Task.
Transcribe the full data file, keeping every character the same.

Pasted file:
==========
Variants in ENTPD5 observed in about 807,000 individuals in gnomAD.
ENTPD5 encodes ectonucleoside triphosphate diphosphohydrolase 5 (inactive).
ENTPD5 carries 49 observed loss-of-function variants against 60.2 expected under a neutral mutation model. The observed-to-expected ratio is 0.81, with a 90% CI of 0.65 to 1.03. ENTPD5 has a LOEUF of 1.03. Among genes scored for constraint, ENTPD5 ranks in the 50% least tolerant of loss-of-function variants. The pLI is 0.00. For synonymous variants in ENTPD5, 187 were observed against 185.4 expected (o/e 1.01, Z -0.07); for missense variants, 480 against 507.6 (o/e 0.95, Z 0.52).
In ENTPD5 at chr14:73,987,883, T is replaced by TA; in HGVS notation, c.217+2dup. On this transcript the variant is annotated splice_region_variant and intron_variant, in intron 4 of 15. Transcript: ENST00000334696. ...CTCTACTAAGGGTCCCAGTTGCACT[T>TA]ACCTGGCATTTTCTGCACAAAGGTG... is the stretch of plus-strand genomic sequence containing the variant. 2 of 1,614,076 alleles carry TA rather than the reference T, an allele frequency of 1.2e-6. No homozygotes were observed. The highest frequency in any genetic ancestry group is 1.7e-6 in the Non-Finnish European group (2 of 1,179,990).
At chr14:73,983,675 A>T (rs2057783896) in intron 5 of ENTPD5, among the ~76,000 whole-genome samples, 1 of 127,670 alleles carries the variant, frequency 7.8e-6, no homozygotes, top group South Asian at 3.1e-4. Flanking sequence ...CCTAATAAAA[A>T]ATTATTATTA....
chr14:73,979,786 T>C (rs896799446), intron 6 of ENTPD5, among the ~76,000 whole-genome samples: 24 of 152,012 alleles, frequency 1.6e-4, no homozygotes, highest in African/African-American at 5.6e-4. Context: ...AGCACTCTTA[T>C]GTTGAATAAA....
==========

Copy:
Variants in ENTPD5 observed in about 807,000 individuals in gnomAD.
ENTPD5 encodes ectonucleoside triphosphate diphosphohydrolase 5 (inactive).
ENTPD5 carries 49 observed loss-of-function variants against 60.2 expected under a neutral mutation model. The observed-to-expected ratio is 0.81, with a 90% CI of 0.65 to 1.03. ENTPD5 has a LOEUF of 1.03. Among genes scored for constraint, ENTPD5 ranks in the 50% least tolerant of loss-of-function variants. The pLI is 0.00. For synonymous variants in ENTPD5, 187 were observed against 185.4 expected (o/e 1.01, Z -0.07); for missense variants, 480 against 507.6 (o/e 0.95, Z 0.52).
In ENTPD5 at chr14:73,987,883, T is replaced by TA; in HGVS notation, c.217+2dup. On this transcript the variant is annotated splice_region_variant and intron_variant, in intron 4 of 15. Transcript: ENST00000334696. ...CTCTACTAAGGGTCCCAGTTGCACT[T>TA]ACCTGGCATTTTCTGCACAAAGGTG... is the stretch of plus-strand genomic sequence containing the variant. 2 of 1,614,076 alleles carry TA rather than the reference T, an allele frequency of 1.2e-6. No homozygotes were observed. The highest frequency in any genetic ancestry group is 1.7e-6 in the Non-Finnish European group (2 of 1,179,990).
At chr14:73,983,675 A>T (rs2057783896) in intron 5 of ENTPD5, among the ~76,000 whole-genome samples, 1 of 127,670 alleles carries the variant, frequency 7.8e-6, no homozygotes, top group South Asian at 3.1e-4. Flanking sequence ...CCTAATAAAA[A>T]ATTATTATTA....
chr14:73,979,786 T>C (rs896799446), intron 6 of ENTPD5, among the ~76,000 whole-genome samples: 24 of 152,012 alleles, frequency 1.6e-4, no homozygotes, highest in African/African-American at 5.6e-4. Context: ...AGCACTCTTA[T>C]GTTGAATAAA....